Industrial Court of the Republic of Botswana, Terence T. Showa & 16 others v. Pathfinder Enterprises T/A NIIT, 17 October 2011, No. IC 822/09
Establishment of a jurisprudential principle based on international law
Dismissal of 17 employees due to redundancy of positions/ Consideration of whether employer required to consult with employees and union prior to the dismissals/ Establishment of a jurisprudential principle based on international law
Pathfinder Enterprises T/A NIIT (“NIIT”) dismissed 17 employees on the basis of redundancy of their positions. Several of those employees issued legal proceedings against NIIT on the basis that the dismissals were illegal and unfair.
The Industrial Court determined, based on the evidence before it, that the dismissals were substantively fair. The Court stated, however, that is also needed to consider if the redundancy process that led to the dismissals was procedurally fair. To answer this question, the Court considered section 25(2) of the State’s Employment Act which set out the processes that NIIT needed to ensure took place in a redundancy exercise and stated NIIT needed to demonstrate “not substantial but full compliance” with that section.
Section 25(2) required, in summary, that NIIT give written notice of its intention to dismiss employees on the basis of redundancy to the Commissioner of Labour and to every employee to be, or likely to be, directly affected by the redundancy. The Employment Act did not address, however, whether NIIT was required to consult with employees as part of the redundancy process.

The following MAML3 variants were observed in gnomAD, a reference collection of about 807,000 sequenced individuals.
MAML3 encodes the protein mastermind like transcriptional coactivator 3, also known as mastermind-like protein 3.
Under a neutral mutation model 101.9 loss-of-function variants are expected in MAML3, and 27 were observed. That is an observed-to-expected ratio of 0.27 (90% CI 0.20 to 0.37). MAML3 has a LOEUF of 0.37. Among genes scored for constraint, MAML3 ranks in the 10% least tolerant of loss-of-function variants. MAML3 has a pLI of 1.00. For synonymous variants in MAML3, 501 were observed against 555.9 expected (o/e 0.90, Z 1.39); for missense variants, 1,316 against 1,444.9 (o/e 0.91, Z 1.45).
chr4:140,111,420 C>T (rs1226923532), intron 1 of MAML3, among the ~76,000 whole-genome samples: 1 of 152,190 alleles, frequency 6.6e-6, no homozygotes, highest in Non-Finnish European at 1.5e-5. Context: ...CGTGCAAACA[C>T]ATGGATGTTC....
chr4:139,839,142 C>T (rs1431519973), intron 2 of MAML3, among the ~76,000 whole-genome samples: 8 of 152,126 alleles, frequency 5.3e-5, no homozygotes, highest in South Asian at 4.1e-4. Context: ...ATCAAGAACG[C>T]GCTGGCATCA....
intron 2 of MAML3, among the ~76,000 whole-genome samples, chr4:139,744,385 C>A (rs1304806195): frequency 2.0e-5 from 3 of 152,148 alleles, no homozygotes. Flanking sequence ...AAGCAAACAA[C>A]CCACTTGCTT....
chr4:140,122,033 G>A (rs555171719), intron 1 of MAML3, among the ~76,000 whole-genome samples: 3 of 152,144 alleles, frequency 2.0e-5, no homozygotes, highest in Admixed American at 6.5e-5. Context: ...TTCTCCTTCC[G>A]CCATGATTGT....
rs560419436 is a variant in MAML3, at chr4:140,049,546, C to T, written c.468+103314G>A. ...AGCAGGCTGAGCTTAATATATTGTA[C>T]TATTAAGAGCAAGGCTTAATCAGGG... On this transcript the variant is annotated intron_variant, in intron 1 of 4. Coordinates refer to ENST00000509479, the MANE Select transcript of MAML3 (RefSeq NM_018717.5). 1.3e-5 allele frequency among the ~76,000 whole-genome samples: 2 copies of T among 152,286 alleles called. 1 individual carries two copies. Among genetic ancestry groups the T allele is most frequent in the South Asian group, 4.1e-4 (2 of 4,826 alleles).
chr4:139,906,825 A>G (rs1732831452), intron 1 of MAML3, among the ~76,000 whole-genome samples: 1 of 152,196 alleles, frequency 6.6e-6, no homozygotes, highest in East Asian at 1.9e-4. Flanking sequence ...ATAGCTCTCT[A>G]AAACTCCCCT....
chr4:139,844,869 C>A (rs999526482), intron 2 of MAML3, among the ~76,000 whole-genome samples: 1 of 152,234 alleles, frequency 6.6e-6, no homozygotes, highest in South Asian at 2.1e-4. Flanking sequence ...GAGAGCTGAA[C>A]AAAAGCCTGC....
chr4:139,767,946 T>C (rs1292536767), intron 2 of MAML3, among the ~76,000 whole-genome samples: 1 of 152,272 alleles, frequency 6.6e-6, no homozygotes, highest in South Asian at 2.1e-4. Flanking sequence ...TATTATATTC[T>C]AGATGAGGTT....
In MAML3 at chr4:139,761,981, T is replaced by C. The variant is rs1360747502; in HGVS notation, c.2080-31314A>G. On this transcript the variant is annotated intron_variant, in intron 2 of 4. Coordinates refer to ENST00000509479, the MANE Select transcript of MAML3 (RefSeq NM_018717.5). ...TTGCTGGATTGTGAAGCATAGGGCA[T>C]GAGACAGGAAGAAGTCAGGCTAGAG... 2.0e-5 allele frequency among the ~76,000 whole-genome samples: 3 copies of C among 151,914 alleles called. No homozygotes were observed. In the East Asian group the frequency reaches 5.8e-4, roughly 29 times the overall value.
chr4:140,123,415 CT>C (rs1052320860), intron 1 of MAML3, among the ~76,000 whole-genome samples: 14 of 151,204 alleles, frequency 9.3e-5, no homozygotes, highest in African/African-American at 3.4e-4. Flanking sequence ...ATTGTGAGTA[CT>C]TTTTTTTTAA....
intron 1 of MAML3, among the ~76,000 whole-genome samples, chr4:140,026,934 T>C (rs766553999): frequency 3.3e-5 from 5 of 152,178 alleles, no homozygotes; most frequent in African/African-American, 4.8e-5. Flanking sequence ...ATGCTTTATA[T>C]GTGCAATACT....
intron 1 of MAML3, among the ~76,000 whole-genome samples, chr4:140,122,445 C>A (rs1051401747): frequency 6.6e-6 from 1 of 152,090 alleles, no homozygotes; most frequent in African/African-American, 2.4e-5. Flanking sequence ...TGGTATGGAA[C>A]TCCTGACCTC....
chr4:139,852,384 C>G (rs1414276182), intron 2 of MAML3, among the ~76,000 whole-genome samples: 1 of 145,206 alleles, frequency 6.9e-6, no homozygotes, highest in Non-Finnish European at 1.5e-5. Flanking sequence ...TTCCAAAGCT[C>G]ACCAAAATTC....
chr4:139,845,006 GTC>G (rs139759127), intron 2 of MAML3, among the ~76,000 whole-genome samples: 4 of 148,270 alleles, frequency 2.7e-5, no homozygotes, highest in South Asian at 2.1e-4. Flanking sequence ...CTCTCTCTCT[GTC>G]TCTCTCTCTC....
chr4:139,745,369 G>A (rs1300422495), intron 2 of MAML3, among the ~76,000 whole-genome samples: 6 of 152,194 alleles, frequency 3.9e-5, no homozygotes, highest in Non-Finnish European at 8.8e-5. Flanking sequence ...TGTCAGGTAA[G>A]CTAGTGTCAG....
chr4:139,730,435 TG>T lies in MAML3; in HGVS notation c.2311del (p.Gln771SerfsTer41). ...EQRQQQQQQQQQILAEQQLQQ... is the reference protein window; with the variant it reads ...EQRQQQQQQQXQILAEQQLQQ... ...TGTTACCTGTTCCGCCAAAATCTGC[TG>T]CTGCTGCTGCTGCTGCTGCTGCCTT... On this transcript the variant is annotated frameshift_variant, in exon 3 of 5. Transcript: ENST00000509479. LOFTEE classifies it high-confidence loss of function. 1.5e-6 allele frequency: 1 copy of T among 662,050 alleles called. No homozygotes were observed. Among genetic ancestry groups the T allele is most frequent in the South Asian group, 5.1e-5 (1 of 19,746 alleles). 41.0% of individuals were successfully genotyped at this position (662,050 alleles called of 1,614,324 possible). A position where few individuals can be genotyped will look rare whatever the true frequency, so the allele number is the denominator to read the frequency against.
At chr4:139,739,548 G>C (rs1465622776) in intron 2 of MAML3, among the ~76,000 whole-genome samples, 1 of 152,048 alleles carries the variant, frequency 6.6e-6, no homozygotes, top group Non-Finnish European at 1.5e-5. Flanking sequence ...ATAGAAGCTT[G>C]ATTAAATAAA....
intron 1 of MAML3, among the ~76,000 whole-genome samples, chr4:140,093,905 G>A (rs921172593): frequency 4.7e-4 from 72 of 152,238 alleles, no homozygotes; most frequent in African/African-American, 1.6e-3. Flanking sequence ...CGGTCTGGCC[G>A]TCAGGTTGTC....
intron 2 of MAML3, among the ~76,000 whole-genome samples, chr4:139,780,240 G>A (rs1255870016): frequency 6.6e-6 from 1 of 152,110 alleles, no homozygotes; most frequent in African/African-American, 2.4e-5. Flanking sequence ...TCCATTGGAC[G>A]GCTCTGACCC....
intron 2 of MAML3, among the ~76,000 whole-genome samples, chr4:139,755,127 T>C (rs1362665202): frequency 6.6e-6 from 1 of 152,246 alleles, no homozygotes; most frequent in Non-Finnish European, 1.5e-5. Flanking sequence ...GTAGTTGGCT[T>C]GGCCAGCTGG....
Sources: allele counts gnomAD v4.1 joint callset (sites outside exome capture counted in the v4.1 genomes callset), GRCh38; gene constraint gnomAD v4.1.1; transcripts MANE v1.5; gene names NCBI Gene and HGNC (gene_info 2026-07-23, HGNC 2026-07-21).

The Court then referred to, and applied, Articles 13(1)(b) and 14(1) of ILO Convention No. 158, stating the source of its power to do so came from its equitable jurisdiction. The Court stated that Article 13(1) (b) of ILO Convention No. 158 imposed a duty on the employer, as part of a redundancy process, to give the workers representatives concerned, as early as possible, an opportunity for consultation on measures to be taken to avert or to minimise the terminations and measures to mitigate the adverse effects of the termination.
The Court determined, on the evidence submitted, that NIIT had notified the affected employees and the Commissioner of Labour. The Court also found, however, that the staff meetings that NIIT claimed had taken place could not, and did not, pass the test to qualify as consultative meetings.
The Court then stated that, in order to discharge its duty to consult, NIIT needed to create a meaningful forum to allow those employees adequate consultation and that there was no evidence that this had occurred.
The reference to ILO Convention No. 158 enabled the Court to establish the jurisprudential principle that a procedurally fair redundancy process was one that included consultation. Having analysed the redundancy process conducted by NIIT, the Court concluded that the employees were “not consulted within the meaning of [Article 13(1) (b) of Convention No. 158] prior to their termination by reason of redundancy” and, on that basis, determined the dismissals were “substantively fair but procedurally unfair” and so awarded the employees compensation.